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The PCAOB has adopted new rules and accompanying amendments to auditing standards, which require audit firms to disclose the names of each audit engagement partner, as well as information regarding other audit firms that participated in any audit of a public company. The new rules are intended to provide investors with more information about the partner and firms involved in the audit in order to facilitate evaluating audit quality, and to incentivize auditors to organize audit teams carefully.

The new rules will require auditors to file with the PCAOB a new Form AP, Auditor Reporting of Certain Audit Participants, for each issuer audit, disclosing:

  • The name of the engagement partner;
  • The names, locations, and extent of participation of other accounting firms that took part in the audit, if their work constituted 5% or more of the total audit hours; and
  • The number and aggregate extent of participation of all other accounting firms that took part in the audit whose individual participation was less than 5 percent of the total audit hours.


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Every so often a public company finds itself unable to file periodic reports for a protracted time.  For example, a company may upgrade auditors and the new firm may advise of the need to re-audit prior years, which can take significant time.  Until there is a reliable starting point for financial statements, new filings are in limbo.  As time marches on, the older missed filings have less and less signficance to investors but would still entail the same amount of effort and expense to complete as any periodic report.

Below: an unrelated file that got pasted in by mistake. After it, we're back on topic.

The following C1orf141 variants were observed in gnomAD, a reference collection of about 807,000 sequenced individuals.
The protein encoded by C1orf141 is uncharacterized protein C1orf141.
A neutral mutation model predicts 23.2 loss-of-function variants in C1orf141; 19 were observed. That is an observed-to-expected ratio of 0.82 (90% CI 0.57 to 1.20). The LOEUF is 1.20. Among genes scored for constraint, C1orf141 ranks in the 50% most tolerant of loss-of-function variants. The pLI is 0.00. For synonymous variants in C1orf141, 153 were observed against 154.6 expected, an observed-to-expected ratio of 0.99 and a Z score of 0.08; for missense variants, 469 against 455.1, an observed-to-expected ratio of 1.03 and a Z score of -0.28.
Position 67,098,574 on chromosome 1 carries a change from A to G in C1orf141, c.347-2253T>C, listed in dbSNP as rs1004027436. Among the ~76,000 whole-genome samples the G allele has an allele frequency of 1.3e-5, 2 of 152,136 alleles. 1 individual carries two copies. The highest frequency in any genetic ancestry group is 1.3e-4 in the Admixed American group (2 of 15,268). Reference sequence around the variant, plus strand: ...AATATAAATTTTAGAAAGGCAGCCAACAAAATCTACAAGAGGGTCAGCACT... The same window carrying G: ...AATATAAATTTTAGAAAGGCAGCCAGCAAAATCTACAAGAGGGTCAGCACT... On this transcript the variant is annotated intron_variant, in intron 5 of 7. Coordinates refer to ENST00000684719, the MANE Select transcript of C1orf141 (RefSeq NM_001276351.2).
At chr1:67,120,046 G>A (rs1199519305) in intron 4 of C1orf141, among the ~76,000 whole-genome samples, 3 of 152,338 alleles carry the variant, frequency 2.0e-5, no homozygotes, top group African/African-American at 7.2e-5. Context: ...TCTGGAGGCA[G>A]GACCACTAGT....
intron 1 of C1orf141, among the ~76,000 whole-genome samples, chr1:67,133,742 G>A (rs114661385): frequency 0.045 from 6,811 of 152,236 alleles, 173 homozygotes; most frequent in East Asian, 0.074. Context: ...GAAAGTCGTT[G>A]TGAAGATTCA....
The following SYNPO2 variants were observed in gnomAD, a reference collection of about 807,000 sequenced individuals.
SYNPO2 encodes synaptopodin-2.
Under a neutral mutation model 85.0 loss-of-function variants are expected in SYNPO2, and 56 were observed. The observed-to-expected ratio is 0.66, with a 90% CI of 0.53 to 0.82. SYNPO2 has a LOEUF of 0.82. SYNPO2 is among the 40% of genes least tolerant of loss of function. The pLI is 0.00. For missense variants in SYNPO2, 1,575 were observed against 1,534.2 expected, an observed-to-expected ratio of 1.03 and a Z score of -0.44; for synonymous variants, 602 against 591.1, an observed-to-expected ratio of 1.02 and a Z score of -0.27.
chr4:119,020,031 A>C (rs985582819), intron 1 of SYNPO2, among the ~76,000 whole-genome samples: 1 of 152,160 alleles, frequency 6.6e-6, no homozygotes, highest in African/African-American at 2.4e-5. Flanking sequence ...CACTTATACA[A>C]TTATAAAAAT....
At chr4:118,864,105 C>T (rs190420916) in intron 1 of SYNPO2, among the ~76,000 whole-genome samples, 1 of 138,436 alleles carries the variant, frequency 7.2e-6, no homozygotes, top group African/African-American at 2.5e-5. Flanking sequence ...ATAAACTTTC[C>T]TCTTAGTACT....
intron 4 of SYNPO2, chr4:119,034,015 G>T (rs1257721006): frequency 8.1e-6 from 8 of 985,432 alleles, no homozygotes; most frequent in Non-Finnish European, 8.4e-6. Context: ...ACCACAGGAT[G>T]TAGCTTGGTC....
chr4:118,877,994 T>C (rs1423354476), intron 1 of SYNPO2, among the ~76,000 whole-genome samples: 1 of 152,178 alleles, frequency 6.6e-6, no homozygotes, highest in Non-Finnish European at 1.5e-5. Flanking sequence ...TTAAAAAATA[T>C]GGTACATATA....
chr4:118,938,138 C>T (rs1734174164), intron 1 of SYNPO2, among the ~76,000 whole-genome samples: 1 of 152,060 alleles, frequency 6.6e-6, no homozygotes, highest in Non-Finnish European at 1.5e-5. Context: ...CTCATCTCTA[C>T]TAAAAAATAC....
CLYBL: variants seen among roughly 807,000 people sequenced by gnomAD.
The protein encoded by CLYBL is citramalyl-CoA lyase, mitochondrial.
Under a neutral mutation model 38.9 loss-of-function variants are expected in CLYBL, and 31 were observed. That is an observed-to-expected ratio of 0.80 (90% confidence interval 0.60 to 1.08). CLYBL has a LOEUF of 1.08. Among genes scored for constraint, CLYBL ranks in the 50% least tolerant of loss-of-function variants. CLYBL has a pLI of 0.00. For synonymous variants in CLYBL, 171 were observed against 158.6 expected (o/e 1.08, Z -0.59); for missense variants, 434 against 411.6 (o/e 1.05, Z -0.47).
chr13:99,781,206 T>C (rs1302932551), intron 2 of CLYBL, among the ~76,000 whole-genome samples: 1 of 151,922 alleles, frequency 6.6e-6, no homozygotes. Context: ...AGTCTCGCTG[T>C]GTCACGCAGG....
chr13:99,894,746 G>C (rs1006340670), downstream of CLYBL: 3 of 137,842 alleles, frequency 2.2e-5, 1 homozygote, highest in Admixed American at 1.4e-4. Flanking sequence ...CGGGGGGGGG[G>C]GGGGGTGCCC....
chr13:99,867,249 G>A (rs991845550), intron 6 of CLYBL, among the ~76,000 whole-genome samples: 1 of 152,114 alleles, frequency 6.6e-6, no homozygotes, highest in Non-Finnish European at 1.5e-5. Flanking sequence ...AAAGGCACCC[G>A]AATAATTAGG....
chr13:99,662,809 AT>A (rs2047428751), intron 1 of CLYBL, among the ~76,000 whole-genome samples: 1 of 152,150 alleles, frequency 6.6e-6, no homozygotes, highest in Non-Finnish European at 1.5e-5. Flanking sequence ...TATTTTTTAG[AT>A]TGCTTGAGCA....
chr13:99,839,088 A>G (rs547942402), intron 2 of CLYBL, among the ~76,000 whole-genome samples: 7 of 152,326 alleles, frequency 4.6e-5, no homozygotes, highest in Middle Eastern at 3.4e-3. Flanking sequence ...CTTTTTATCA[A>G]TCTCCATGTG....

Over
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Earlier today PitchBook released its M&A Report for Q3 2015 and the stats indicate continued strength in merger and acquisition activity.

While the overall deal count for Q2 2015 was down (4,250 deals with an aggregate value of $416 billion) as compared to the prior quarter (4,803 deals with an aggregate of $560 billion) and prior year (5,183 deal with an aggregate of $373 billion), the average transaction size spiked to $1.103 billion in Q2 2015 as compared to $795.3 million in Q1 2015 and $231.9 million in Q2 2014.
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The SEC has proposed rules requiring listed issuers to adopt and comply with written “clawback” policies. These policies would need to provide that, if a listed issuer is required to prepare an accounting restatement due to the material noncompliance of the issuer with any financial reporting requirement under the securities laws, then the issuer will recover the amount of any incentive-based compensation erroneously awarded to an executive officer. The listed issuer would also be required to disclose its clawback policy, disclose information about actions taken pursuant to its policy, and file its policy as an exhibit to its annual report.
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Yesterday the SEC issued its long-awaited “pay-versus-performance” rule proposal. The rules would add a new paragraph (v) to Item 402 of Regulation S-K. In short, the proposed rules would require a new table comparing “executive compensation actually paid” to the “total shareholder return” (TSR) of the company and its peers, as well as a discussion of the relationship between these amounts.

Here is a quick summary of the main requirements of the proposal: